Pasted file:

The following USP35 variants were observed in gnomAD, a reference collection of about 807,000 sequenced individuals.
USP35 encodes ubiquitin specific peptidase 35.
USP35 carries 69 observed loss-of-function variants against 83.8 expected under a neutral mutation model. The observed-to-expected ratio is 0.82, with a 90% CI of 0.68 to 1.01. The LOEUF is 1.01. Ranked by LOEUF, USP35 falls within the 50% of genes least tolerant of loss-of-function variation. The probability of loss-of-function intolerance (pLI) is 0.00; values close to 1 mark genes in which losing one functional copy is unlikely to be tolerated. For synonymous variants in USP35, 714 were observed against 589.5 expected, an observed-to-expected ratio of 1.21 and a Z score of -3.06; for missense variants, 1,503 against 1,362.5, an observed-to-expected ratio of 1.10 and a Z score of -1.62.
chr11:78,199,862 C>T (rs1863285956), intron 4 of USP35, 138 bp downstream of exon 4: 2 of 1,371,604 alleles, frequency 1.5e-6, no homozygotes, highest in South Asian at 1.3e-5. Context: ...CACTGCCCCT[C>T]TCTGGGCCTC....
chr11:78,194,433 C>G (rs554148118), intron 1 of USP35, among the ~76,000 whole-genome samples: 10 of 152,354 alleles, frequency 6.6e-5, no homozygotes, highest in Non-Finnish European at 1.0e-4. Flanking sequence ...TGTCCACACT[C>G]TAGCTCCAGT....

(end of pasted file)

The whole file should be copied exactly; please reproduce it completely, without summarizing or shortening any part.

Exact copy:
The following USP35 variants were observed in gnomAD, a reference collection of about 807,000 sequenced individuals.
USP35 encodes ubiquitin specific peptidase 35.
USP35 carries 69 observed loss-of-function variants against 83.8 expected under a neutral mutation model. The observed-to-expected ratio is 0.82, with a 90% CI of 0.68 to 1.01. The LOEUF is 1.01. Ranked by LOEUF, USP35 falls within the 50% of genes least tolerant of loss-of-function variation. The probability of loss-of-function intolerance (pLI) is 0.00; values close to 1 mark genes in which losing one functional copy is unlikely to be tolerated. For synonymous variants in USP35, 714 were observed against 589.5 expected, an observed-to-expected ratio of 1.21 and a Z score of -3.06; for missense variants, 1,503 against 1,362.5, an observed-to-expected ratio of 1.10 and a Z score of -1.62.
chr11:78,199,862 C>T (rs1863285956), intron 4 of USP35, 138 bp downstream of exon 4: 2 of 1,371,604 alleles, frequency 1.5e-6, no homozygotes, highest in South Asian at 1.3e-5. Context: ...CACTGCCCCT[C>T]TCTGGGCCTC....
chr11:78,194,433 C>G (rs554148118), intron 1 of USP35, among the ~76,000 whole-genome samples: 10 of 152,354 alleles, frequency 6.6e-5, no homozygotes, highest in Non-Finnish European at 1.0e-4. Flanking sequence ...TGTCCACACT[C>G]TAGCTCCAGT....